the chance of drawing two different alleles at random (with replacement) from a population: see Equation 1. Note that in this review, I do not also discuss the observed heterozygosity–the actual occurrence of heterozygous individuals. See supplement of Sherwin et al. 06  for more discussion of this, as well as its information- theoretic applications. Heterozygosity is also called “Simpson index” when applied to species in ecological communities, “Haplotype Diversity” when it is the chance of drawing two different haplotypes at random, or “Nucleotide Diversity” when it is the chance of drawing two different nucleotides at random.
an individual whose genotype has two copies of the same allele at a diploid locus.
an insertion or deletion which appears in one sequence when compared to another sequence. These occur naturally during evolution of DNA. During reconstruction of phylogenies, the size and relative positions of indels must be estimated in a trade-off with the number of mismatched bases at other positions .
|Infinite alleles model (IAM)|
for a given set of observed proportions of different types this is a comparison of the entropy based on an underlying distribution which really is given by versus the entropy if the underlying proportions follow some other distribution, . Also called relative entropy or information gain.
Linkage of two different genetic loci in the genome is when the inheritance of allelic variants at one locus is not statistically independent of alleles at another. Apparent linkage between two loci is called “linkage disequilibrium” or a more correct term “gametic disequilibrium” which recognizes that apparent linkage can be due to causes other than actual physical linkage.
a position in the genome. Sometimes restricted to a protein-coding region, other times applied to any region of DNA at a fixed location in the genome, such as a SNP.
a change to the genetic code. Note that this is best called a change, not an error–all current codes, advantageous and deleterious, were derived via multiple mutations. Various different types of mutation occur. Two contrasting types that are commonly modeled are infinite allele model (IAM), and stepwise mutation model (SMM). In IAM, every mutation makes a novel allele, which is a reasonable approximation of the evolution of a coding region made up of thousands of bases, each with four alternatives, A C G T, and a per-base mutation rate such as μ = 10-9 per generation. SMM or similar is seen in repetitive regions such as CACACACACACA, where repeats (CA) are added or subtracted, so that alleles of the same length are re-created regularly.
For two variables, the mutual information between them is the reduction in uncertainty of the level of one variable, when there is information about the level of the other variable. Or, roughly stated, this is the ability of one type of information to enlighten us about another. For example, if two populations have no shared genetic variants, then knowing the genotype of an individual would give a perfectly accurate guide to the individual’s population membership, so there is said to be high mutual information between the genes and the population membership. Conversely, if the two populations have exactly the same arrays of genetic variants, then knowledge of the genes gives no indication of population membership, so mutual information is zero. See Equation 9.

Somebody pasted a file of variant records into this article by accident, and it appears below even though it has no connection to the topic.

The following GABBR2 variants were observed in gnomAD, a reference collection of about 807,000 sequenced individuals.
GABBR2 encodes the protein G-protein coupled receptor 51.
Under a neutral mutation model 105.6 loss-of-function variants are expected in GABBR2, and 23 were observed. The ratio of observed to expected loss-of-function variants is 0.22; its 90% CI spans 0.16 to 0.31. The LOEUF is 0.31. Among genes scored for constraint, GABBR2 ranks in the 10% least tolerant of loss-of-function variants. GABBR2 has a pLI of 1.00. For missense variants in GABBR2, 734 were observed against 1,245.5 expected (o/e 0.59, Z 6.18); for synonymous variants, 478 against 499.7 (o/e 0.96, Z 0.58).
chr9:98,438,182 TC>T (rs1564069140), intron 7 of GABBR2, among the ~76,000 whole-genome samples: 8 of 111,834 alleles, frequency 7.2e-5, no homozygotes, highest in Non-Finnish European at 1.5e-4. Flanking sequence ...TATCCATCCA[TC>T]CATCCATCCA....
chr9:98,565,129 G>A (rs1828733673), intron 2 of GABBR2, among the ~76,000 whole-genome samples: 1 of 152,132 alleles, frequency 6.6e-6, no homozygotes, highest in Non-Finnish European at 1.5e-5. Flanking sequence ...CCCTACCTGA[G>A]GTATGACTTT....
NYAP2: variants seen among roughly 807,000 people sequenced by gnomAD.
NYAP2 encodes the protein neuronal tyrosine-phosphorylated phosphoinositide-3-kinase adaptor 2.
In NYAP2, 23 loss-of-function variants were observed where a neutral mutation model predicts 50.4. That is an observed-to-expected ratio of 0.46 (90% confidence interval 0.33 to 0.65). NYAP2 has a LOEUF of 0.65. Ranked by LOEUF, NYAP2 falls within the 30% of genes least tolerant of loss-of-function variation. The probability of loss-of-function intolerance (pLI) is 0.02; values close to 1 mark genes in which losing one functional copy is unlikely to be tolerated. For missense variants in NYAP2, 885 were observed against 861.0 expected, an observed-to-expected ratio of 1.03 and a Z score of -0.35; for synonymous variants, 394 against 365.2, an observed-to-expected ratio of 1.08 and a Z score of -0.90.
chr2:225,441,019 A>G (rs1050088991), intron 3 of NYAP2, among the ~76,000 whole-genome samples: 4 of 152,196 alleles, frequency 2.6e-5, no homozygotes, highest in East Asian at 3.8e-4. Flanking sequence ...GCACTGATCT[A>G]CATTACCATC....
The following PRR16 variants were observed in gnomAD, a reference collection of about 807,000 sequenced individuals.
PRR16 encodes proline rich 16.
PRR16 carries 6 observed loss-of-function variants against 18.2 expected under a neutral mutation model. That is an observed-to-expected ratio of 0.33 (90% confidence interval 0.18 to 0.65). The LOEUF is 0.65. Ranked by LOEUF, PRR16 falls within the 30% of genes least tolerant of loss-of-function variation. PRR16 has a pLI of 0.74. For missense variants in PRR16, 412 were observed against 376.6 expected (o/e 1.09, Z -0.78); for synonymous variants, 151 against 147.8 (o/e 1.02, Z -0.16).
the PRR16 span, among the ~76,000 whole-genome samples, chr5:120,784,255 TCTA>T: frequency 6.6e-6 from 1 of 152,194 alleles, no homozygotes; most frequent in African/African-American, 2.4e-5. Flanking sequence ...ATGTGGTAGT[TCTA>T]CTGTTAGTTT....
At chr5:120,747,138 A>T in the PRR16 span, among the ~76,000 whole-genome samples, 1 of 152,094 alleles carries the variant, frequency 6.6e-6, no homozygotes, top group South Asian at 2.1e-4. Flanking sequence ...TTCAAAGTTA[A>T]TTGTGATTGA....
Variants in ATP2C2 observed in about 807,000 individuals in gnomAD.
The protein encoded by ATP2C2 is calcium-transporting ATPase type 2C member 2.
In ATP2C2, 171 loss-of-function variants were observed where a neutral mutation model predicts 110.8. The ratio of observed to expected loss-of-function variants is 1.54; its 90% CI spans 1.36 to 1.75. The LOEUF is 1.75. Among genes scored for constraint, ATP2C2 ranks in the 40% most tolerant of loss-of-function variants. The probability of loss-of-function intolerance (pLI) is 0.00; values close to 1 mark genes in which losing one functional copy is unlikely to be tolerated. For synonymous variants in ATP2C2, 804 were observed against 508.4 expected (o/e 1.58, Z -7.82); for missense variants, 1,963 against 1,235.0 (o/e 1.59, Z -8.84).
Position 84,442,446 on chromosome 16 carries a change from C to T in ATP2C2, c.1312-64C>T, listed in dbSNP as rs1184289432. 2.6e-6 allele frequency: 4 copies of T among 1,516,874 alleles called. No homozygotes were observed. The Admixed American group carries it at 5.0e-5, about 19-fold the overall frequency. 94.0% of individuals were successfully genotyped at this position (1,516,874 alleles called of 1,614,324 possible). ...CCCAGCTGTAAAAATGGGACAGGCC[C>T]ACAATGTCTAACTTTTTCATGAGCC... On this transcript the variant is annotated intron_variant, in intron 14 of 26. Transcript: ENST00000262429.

effective population size: This depends not only upon actual population size, but also on any other factor that alters the rate at which random processes affect genetic quantities such as the heterozygosity 
see effective number of alleles.
see directional selection.
the proportion of entities of type i in some group (e.g., numbers of different allelic variants encountered in a population, or numbers of different species encountered in an ecological community). See balance.
the detectable effect of genetic and environmental information. This might be shape, chemistry, or colour of the organism carrying a certain genotype, or the survival and reproduction of that individual.
a reconstruction of the evolutionary history of a number of separate groups, usually based only upon present-day data from those groups .
the occurrence of more than one variant within a population, e.g., two different alleles at the same locus.
see directional selection.
|Q, or Quadratic Entropy|
a generalization of Simpson’s index/Heterozygosity:
the proportion of a species that is in each of two populations 1 and 2. This may sometimes also be used as the relative sizes of the samples form the two populations, when performing significance testing. Note that these symbols are not to be confused with the correlation between uniting gametes, r2, used in linkage analysis.
a measure of the interaction between genotypes and environmental conditions, in production of phenotypes.
this occurs when two haplotypes from different genomes break and rejoin to make new combinations of the alleles at the different loci, ie new haplotypes.
a molecule similar to DNA, e.g., messenger RNA which carries the DNA code to the cell to be converted to an amino acid sequence in a protein.
see Shannon’s diversity or entropy.
the consequence of fitness differences. Genotypes with higher fitness will tend to become more numerous over the generations. See also directional, balancing and disruptive selection. Relative fitness of different genotypes is often expressed by selection coefficents s, where one genotype is arbitrarily assigned maximum fitness of 1, and other genotypes are given fitnesses reduced by a selection coefficient s, so their fitness is 1-s ().
|Shannon’s diversity or entropy|
Where there is variation at one base position, this is called a “single-nucleotide-polymorphism” or SNP. Thus the alleles of a SNP locus are alternative bases A C G or T.
after RNA code is transcribed from the DNA code, often portions of the code are removed, between two splice sites, before the code is used to direct the production of proteins.
|Stepwise mutation (SMM)|
“the number of categories into which system elements can be apportioned”. Also called “richness” in biology, e.g., the number of different allelic types or the number of different species, termed S in this article.